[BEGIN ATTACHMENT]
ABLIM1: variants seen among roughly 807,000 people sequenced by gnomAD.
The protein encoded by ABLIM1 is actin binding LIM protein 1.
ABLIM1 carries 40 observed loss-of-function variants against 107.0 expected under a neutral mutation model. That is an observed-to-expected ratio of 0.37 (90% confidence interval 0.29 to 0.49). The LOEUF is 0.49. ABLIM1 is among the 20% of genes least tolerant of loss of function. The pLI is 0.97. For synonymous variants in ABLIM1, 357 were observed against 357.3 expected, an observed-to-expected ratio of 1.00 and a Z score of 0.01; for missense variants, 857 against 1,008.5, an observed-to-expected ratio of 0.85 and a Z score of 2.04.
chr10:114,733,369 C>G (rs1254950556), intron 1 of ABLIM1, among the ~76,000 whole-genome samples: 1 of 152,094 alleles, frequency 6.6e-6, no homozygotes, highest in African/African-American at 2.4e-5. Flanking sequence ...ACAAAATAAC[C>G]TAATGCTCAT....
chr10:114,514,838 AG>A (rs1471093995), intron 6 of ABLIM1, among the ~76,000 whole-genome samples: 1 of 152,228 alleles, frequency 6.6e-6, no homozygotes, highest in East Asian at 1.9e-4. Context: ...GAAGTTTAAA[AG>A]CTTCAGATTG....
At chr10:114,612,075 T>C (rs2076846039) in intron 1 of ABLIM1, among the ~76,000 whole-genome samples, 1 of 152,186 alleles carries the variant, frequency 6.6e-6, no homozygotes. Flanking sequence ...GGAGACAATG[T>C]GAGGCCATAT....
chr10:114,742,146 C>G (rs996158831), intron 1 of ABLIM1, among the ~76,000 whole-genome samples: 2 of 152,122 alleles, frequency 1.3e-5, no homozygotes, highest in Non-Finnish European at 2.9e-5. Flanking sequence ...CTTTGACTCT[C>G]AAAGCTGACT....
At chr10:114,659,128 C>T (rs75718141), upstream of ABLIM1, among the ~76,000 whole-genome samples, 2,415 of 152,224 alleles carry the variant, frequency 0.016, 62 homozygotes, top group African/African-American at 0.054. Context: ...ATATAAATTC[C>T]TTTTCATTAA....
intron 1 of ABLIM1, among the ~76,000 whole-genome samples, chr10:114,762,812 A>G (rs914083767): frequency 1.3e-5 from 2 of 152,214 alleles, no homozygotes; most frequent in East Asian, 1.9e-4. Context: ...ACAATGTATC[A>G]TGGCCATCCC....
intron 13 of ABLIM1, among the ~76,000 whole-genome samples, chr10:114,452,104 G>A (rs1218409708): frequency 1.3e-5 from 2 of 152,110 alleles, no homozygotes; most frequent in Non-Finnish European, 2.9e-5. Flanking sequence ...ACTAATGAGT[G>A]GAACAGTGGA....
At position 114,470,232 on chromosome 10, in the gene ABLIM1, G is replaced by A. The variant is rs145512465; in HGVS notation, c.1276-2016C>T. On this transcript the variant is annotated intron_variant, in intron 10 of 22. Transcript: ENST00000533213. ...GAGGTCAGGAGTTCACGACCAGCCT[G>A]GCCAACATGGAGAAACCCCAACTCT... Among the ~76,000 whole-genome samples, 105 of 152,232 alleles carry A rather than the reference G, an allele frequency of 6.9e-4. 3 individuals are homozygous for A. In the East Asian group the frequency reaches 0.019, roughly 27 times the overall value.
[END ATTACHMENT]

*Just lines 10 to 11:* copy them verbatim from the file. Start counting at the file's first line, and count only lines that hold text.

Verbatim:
intron 13 of ABLIM1, among the ~76,000 whole-genome samples, chr10:114,452,104 G>A (rs1218409708): frequency 1.3e-5 from 2 of 152,110 alleles, no homozygotes; most frequent in Non-Finnish European, 2.9e-5. Flanking sequence ...ACTAATGAGT[G>A]GAACAGTGGA....
At position 114,470,232 on chromosome 10, in the gene ABLIM1, G is replaced by A. The variant is rs145512465; in HGVS notation, c.1276-2016C>T. On this transcript the variant is annotated intron_variant, in intron 10 of 22. Transcript: ENST00000533213. ...GAGGTCAGGAGTTCACGACCAGCCT[G>A]GCCAACATGGAGAAACCCCAACTCT... Among the ~76,000 whole-genome samples, 105 of 152,232 alleles carry A rather than the reference G, an allele frequency of 6.9e-4. 3 individuals are homozygous for A. In the East Asian group the frequency reaches 0.019, roughly 27 times the overall value.